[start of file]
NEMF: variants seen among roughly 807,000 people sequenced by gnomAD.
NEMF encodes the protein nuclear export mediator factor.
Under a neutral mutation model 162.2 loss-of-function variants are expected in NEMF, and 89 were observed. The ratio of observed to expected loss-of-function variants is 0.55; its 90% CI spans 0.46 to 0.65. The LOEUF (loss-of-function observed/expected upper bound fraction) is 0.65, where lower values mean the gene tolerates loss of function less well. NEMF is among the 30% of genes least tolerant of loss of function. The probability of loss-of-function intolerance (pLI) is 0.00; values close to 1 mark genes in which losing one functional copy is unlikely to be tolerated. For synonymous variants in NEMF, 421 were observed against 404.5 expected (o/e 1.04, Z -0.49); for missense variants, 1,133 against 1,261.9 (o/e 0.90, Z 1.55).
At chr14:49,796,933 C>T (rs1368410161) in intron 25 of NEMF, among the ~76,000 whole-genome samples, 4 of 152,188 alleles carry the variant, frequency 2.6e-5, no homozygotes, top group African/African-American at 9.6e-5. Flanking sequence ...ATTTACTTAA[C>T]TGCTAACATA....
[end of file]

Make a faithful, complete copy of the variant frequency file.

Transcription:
NEMF: variants seen among roughly 807,000 people sequenced by gnomAD.
NEMF encodes the protein nuclear export mediator factor.
Under a neutral mutation model 162.2 loss-of-function variants are expected in NEMF, and 89 were observed. The ratio of observed to expected loss-of-function variants is 0.55; its 90% CI spans 0.46 to 0.65. The LOEUF (loss-of-function observed/expected upper bound fraction) is 0.65, where lower values mean the gene tolerates loss of function less well. NEMF is among the 30% of genes least tolerant of loss of function. The probability of loss-of-function intolerance (pLI) is 0.00; values close to 1 mark genes in which losing one functional copy is unlikely to be tolerated. For synonymous variants in NEMF, 421 were observed against 404.5 expected (o/e 1.04, Z -0.49); for missense variants, 1,133 against 1,261.9 (o/e 0.90, Z 1.55).
At chr14:49,796,933 C>T (rs1368410161) in intron 25 of NEMF, among the ~76,000 whole-genome samples, 4 of 152,188 alleles carry the variant, frequency 2.6e-5, no homozygotes, top group African/African-American at 9.6e-5. Flanking sequence ...ATTTACTTAA[C>T]TGCTAACATA....